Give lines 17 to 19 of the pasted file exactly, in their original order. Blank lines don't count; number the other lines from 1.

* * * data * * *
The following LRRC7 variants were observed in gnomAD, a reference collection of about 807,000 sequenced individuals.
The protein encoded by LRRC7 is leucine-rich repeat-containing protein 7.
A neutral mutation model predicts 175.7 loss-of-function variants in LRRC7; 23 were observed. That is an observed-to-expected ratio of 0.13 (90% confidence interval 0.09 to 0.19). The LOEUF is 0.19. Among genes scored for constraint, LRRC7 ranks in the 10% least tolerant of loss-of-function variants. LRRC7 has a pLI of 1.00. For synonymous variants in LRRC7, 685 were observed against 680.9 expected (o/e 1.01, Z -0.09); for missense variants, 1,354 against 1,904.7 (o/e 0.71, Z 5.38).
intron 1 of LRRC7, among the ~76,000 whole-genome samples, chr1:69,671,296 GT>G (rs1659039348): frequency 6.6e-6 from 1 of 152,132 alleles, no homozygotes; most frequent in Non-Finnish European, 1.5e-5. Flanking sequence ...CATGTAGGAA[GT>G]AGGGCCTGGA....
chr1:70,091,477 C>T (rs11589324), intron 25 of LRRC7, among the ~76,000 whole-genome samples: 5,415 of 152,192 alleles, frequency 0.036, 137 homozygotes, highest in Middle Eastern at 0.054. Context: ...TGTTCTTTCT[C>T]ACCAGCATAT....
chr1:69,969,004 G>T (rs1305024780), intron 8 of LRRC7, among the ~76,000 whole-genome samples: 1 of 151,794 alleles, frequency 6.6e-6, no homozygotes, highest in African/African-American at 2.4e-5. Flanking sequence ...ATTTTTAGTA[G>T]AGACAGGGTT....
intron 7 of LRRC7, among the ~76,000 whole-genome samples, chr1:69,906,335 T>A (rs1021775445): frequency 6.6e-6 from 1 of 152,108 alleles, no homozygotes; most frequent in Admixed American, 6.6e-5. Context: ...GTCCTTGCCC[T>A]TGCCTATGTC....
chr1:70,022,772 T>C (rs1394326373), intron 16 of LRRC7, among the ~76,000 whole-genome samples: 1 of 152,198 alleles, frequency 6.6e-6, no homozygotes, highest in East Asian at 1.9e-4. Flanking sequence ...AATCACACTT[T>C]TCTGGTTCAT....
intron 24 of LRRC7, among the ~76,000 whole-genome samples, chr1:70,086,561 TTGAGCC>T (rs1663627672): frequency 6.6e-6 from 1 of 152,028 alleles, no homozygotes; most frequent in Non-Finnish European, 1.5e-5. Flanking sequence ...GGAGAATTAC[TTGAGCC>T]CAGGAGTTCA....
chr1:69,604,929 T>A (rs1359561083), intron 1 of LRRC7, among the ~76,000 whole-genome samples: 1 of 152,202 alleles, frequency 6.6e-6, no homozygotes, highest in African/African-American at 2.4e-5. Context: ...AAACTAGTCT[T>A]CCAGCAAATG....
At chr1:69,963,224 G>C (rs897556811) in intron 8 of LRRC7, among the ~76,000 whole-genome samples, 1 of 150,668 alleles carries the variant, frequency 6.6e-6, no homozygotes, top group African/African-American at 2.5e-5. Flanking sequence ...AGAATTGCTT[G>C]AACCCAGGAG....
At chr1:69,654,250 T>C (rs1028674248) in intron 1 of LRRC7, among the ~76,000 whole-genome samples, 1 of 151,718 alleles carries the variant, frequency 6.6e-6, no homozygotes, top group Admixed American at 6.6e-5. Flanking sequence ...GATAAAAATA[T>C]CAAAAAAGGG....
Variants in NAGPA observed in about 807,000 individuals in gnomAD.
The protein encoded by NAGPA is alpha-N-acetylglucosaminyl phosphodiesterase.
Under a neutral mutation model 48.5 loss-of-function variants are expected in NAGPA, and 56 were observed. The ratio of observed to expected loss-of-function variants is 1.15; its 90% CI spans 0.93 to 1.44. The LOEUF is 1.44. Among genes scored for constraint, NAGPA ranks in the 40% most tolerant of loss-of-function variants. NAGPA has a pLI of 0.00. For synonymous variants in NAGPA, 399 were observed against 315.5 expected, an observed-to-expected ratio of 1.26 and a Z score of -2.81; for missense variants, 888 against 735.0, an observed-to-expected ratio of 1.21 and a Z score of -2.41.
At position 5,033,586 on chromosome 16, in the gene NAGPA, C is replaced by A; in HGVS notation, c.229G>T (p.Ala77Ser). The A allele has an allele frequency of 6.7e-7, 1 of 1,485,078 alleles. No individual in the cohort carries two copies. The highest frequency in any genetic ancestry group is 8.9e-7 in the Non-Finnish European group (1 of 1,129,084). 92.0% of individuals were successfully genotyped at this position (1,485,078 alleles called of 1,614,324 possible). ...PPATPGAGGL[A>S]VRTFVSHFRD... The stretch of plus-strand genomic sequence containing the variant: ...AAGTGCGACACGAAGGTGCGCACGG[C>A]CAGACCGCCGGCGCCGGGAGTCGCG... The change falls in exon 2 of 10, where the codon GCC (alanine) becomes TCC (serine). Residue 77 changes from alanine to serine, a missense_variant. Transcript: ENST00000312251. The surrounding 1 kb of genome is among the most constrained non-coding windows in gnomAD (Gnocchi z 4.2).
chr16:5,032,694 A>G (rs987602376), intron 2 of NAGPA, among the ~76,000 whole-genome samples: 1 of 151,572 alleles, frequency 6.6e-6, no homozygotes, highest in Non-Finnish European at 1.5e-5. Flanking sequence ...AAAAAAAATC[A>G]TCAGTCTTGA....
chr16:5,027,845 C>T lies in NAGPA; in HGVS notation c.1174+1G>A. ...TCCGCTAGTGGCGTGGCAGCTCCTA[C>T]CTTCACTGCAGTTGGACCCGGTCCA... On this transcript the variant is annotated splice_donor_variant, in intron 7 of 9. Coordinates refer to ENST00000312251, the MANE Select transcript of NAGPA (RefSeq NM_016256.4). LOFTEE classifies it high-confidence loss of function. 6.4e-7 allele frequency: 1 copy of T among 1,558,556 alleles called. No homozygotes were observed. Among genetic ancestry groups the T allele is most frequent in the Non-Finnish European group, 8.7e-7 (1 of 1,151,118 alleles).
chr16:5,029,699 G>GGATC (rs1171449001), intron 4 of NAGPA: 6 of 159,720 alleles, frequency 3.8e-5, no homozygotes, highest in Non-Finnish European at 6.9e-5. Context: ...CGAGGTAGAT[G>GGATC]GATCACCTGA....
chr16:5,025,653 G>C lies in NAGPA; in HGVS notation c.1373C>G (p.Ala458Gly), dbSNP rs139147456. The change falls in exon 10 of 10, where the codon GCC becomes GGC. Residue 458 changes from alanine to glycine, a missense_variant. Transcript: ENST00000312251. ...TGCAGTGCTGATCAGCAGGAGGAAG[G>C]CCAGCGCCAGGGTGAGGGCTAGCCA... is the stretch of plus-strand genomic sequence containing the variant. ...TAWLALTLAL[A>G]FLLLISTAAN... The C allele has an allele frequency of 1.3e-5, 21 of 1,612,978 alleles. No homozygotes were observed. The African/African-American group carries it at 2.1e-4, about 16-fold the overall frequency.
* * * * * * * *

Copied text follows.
chr16:5,032,694 A>G (rs987602376), intron 2 of NAGPA, among the ~76,000 whole-genome samples: 1 of 151,572 alleles, frequency 6.6e-6, no homozygotes, highest in Non-Finnish European at 1.5e-5. Flanking sequence ...AAAAAAAATC[A>G]TCAGTCTTGA....
chr16:5,027,845 C>T lies in NAGPA; in HGVS notation c.1174+1G>A. ...TCCGCTAGTGGCGTGGCAGCTCCTA[C>T]CTTCACTGCAGTTGGACCCGGTCCA... On this transcript the variant is annotated splice_donor_variant, in intron 7 of 9. Coordinates refer to ENST00000312251, the MANE Select transcript of NAGPA (RefSeq NM_016256.4). LOFTEE classifies it high-confidence loss of function. 6.4e-7 allele frequency: 1 copy of T among 1,558,556 alleles called. No homozygotes were observed. Among genetic ancestry groups the T allele is most frequent in the Non-Finnish European group, 8.7e-7 (1 of 1,151,118 alleles).
chr16:5,029,699 G>GGATC (rs1171449001), intron 4 of NAGPA: 6 of 159,720 alleles, frequency 3.8e-5, no homozygotes, highest in Non-Finnish European at 6.9e-5. Context: ...CGAGGTAGAT[G>GGATC]GATCACCTGA....